“We had the global financial crisis, which resulted in many millennials losing their jobs. When the economy recovered, the structure of the economy altered, and many good jobs were lost “he stated
Knowing when your next meal will be
Being able to feel safe at home and know your parents or siblings won’t abuse you
Hot showers. The best thing ever, which everyone takes for granted
According to the professor, unstable jobs, the gig/sharing economy, and the development of digital labor emerged following the 2008 financial crisis. As a result, individuals who were unable to participate in the new economy saw their economic and social inequities increase.
According to the expert, some racialized groups, such as Black and Brown laborers, can become trapped in poverty and unable to escape. Better financial literacy, according to the professor, will not solve all of the problems. “You need resources to access training and education, for example,” he explained.
Not being drafted into a high casualty war as soon as you are old enough to fight.
Having healthy children.
Imagine having kids who’ll always need to be taken care of. Imagine having to worry about what will happen when you’re dead because you know that your child will never be independent or have a normal life.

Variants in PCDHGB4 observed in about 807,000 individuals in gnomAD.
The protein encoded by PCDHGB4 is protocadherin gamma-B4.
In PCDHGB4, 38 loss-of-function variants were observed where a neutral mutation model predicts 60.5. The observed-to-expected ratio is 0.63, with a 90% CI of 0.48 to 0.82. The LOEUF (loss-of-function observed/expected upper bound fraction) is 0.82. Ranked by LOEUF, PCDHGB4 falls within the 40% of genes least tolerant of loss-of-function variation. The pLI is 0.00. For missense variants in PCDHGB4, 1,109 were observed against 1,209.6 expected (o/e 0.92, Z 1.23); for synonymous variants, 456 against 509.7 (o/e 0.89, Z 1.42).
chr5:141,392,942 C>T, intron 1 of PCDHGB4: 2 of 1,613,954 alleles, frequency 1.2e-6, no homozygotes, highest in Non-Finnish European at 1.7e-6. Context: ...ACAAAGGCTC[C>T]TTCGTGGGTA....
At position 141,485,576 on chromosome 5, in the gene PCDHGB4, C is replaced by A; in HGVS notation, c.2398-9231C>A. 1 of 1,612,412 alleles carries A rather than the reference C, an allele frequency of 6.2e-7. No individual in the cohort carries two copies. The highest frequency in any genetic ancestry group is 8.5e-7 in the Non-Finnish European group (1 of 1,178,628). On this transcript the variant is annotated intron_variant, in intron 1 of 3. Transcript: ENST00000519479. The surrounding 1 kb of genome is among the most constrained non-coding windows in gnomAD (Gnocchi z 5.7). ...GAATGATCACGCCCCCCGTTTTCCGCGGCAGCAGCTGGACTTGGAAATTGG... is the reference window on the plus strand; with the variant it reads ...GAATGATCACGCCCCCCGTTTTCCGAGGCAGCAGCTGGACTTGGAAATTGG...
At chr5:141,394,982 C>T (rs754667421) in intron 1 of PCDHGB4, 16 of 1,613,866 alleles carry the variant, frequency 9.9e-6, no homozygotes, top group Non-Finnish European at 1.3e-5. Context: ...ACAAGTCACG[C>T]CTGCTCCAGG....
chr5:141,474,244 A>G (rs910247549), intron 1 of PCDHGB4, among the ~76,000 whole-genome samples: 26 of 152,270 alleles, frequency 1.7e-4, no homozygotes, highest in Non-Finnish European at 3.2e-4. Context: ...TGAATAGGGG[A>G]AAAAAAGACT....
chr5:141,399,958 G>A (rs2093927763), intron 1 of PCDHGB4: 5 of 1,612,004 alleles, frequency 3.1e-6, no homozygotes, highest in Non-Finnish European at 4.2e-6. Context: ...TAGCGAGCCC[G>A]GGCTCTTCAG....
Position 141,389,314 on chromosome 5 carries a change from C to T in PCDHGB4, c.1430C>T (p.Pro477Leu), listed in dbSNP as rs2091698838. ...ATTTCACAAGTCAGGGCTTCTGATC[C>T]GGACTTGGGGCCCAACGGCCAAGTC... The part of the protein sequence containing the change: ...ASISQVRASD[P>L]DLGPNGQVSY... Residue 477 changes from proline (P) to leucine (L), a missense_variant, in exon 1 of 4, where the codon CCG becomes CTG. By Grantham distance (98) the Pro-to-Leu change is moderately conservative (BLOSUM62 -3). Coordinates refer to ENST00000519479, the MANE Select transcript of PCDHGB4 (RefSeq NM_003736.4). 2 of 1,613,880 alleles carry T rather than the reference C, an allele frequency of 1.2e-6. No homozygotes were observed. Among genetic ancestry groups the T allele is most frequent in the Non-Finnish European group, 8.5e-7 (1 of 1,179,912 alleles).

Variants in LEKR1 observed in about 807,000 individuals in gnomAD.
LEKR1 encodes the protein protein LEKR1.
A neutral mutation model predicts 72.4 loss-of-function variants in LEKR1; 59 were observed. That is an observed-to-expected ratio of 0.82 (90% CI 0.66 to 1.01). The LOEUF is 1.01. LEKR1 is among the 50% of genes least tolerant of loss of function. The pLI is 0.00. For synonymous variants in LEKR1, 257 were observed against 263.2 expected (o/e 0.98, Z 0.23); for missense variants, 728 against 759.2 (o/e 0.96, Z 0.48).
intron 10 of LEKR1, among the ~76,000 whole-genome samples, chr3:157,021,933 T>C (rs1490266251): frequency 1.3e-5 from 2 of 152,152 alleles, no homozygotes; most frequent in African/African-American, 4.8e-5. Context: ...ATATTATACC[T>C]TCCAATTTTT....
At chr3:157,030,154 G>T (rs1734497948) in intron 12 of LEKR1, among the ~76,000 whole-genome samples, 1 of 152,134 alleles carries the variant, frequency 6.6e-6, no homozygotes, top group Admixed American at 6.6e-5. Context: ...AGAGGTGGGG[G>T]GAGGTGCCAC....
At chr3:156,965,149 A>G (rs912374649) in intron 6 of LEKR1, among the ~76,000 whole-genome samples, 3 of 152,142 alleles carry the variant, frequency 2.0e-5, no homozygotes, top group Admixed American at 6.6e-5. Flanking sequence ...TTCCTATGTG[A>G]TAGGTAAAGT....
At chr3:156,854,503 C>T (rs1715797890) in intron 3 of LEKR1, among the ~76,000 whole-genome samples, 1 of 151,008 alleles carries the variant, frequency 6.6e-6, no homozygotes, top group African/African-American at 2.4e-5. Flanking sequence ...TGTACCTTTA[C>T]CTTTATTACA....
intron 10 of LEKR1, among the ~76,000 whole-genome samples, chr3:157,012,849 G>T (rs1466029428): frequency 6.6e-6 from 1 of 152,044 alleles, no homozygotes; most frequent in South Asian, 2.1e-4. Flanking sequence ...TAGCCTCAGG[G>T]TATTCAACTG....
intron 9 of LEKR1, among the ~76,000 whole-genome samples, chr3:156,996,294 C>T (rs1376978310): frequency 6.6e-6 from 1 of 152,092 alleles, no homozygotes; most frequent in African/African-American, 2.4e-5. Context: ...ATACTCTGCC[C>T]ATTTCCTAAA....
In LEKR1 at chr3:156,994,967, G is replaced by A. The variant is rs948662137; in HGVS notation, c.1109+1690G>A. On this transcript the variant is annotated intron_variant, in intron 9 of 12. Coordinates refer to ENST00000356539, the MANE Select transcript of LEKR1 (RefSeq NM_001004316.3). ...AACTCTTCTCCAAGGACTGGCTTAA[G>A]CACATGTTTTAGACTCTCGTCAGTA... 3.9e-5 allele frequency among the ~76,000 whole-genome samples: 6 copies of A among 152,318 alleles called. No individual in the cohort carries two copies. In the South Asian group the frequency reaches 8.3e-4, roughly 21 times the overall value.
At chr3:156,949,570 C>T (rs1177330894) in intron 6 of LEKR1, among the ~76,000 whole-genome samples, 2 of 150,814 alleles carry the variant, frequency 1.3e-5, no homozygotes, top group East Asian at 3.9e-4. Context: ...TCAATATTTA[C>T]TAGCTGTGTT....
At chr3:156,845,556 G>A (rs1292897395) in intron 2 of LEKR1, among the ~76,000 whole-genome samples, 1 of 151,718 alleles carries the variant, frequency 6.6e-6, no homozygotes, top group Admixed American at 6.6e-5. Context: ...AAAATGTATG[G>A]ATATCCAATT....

This is one of my worst fears
Having caring parents who support you no matter what.
The Covid-19 pandemic has widened the gap between the rich and the poor, exacerbating many of our problems.
“In order to make ends meet, workers must work longer hours for lower income. That leaves little time to gather the materials needed to upgrade skills or retool for the new economy. Professor Ng remarked, “This is the poverty trap I alluded to.”
Easy ability to travel internationally. The right passport will take you places.
The sky not dropping bombs on you
Guaranteed next meal. Food insecurity is terrifying. I have been fortunate that coming from a poor family, I always had food. Thinking of all the kids who were out of school due to COVID that were on free and reduced meals breaks my heart.